The less you drive, the less you may have to pay for auto coverage, under a new plan proposed by the state’s insurance commissioner Wednesday.
The program, dubbed “pay as you drive” in which drivers document their mileage and pay accordingly, will encourage motorists to drive less, saving fuel and reducing carbon emissions, environmental groups said. In doing so, they also would lower their insurance premiums.
The plan is already an option from several insurance companies in 34 states as well as Canada, Japan and Europe.
California Insurance Commissioner Steve Poizner announced the plan Wednesday along with state Assemblymember Jared Huffman, D-San Rafael, who dropped a Senate bill this week that duplicated Poizner’s plan. The regulations will be voluntary and are expected to take effect by fall 2009.
The Brookings Institution estimates that nearly two-thirds of California families would save money under Poizner’s plan. The Washington, D.C.-based research organization said the typical family would save $276 annually per vehicle.
“It was clear we both wanted to get to the same place and we moved forward on parallel tracks,” Huffman said. “It was a race to good public policy, and the winners of that race were the consumers and the environment.”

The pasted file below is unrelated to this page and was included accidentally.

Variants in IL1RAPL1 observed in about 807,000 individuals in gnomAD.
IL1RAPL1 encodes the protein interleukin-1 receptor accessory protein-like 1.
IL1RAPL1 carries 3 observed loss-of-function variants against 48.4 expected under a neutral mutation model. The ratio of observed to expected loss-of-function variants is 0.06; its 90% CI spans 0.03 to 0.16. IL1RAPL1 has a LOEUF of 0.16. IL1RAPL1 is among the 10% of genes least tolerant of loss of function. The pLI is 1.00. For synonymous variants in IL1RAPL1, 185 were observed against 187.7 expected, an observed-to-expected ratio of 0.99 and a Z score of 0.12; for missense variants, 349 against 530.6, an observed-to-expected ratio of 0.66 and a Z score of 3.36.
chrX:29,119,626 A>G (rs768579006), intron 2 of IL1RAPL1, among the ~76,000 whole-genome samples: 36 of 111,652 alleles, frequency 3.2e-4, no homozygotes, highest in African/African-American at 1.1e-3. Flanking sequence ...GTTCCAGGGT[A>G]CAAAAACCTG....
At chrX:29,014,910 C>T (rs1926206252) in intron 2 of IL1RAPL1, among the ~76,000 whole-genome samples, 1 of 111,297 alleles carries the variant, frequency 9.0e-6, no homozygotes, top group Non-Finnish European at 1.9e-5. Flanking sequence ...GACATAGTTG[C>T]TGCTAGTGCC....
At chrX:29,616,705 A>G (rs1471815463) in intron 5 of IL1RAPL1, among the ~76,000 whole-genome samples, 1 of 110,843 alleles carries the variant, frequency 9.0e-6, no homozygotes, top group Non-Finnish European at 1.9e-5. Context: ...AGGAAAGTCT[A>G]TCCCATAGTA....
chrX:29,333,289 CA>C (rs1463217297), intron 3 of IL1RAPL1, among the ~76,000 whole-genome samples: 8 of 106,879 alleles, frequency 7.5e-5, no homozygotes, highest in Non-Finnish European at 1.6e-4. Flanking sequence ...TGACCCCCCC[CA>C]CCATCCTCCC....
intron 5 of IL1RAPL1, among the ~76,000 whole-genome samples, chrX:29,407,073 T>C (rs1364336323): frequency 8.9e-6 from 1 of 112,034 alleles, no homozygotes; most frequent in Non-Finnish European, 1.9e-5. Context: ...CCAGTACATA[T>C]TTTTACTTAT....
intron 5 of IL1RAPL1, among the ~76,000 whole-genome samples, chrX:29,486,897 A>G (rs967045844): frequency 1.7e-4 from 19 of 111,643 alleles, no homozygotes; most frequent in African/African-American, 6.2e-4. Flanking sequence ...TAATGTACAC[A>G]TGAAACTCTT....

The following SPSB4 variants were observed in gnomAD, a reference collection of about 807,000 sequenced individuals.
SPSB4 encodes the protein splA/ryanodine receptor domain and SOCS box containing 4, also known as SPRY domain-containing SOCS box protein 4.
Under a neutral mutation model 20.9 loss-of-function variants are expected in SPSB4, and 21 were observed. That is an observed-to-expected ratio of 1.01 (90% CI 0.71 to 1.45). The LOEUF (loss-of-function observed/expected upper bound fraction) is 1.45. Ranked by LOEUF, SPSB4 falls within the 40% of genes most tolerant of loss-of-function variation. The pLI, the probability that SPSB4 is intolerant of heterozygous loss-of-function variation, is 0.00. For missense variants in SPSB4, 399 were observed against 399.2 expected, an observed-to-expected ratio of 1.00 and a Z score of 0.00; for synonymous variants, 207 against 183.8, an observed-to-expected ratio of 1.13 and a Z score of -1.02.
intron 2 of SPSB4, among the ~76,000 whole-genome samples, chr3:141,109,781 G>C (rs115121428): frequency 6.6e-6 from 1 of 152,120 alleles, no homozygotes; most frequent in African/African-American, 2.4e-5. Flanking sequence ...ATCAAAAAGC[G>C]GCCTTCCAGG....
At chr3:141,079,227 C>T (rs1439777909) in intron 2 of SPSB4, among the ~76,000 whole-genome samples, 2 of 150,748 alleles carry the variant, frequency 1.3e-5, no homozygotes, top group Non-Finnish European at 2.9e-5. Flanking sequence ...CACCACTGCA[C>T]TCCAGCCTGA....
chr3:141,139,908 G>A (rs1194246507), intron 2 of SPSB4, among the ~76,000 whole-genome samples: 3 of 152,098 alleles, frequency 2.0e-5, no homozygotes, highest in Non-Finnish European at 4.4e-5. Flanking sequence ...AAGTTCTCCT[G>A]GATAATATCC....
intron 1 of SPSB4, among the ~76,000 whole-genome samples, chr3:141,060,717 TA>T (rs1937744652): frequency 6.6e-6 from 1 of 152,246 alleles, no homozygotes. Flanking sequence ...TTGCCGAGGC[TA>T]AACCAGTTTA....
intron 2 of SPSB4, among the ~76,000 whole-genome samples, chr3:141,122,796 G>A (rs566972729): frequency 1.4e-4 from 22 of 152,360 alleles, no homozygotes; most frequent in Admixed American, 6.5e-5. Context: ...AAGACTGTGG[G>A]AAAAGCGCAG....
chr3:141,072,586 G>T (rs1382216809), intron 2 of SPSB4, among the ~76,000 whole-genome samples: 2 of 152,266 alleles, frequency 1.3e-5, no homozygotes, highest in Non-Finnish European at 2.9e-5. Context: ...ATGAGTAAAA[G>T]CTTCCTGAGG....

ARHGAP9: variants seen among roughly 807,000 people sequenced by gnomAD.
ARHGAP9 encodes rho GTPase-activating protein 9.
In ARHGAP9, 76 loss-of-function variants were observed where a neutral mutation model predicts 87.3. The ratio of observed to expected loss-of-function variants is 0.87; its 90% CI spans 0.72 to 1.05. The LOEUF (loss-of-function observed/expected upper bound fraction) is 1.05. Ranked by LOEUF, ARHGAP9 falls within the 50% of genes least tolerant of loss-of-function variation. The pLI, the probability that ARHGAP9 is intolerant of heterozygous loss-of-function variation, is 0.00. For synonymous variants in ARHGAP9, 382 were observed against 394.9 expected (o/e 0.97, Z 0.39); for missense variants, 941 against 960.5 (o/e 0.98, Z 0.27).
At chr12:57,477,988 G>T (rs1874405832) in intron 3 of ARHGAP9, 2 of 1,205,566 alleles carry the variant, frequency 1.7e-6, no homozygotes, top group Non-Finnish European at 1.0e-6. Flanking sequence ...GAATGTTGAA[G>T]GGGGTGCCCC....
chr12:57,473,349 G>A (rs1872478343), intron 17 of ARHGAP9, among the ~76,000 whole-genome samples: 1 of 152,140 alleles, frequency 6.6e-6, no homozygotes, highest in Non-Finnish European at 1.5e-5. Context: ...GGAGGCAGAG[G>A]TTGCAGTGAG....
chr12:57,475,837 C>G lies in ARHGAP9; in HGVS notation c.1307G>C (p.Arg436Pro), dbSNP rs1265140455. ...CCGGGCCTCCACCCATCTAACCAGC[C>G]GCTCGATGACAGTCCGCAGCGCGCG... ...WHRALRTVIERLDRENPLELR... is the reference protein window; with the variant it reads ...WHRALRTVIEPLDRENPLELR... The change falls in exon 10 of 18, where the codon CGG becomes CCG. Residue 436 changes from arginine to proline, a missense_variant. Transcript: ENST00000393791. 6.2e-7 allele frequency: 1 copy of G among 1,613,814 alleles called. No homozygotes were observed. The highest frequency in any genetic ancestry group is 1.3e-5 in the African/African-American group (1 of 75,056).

Huffman’s bill was amended earlier this month to drop a controversial clause of tracking miles through a global positioning device. The original bill drew criticism from Consumer Watchdog, a Santa Monica-based nonprofit, which said the practice would constitute an invasion of privacy.
While insurance companies already take mileage into account when setting rates, pay-as-you-drive links premiums more closely with the actual number of miles driven. Under the new regulations, consumers could verify mileage by odometer readings, repair records or a technological device used to collect mileage data. Poizner made it clear, however, that insurance companies could not require tracking software.
“It is vital that the privacy of drivers remains intact. I will not approve any auto insurance policy that aims to utilize GPS devices in order to obtain location data from consumers,” he said.
Consumer Federation of America Executive Director Richard Holober, a former Assembly candidate from San Mateo County, called the exclusion of GPS a victory for privacy rights.
“We were concerned that drivers with privacy concerns would suffer discrimination by not being able to take advantage of lower rates,” he said. “We want to make sure the method to report mileage is available to everybody.”
While the pay-as-you-drive system has been criticized by some as unfair to those in rural areas, Huffman said it will be a boon to most local motorists.
“Bay Area drivers will benefit enormously because we have access to public transportation and we can make choices to reduce miles driven,” he said.
By the numbers
Environmental and economic benefits:
- $276: Estimated amount saved per household per year on insurance
- 55 million*: Tons of carbon dioxide could be cut between 2009 and 2020 (akin to taking 10 million cars off of the road)
- $40 billion*: Amount that could be saved in car-related expenses
*If 30 percent of Californians participate
Source: Environmental Defense Fund, Brookings Institution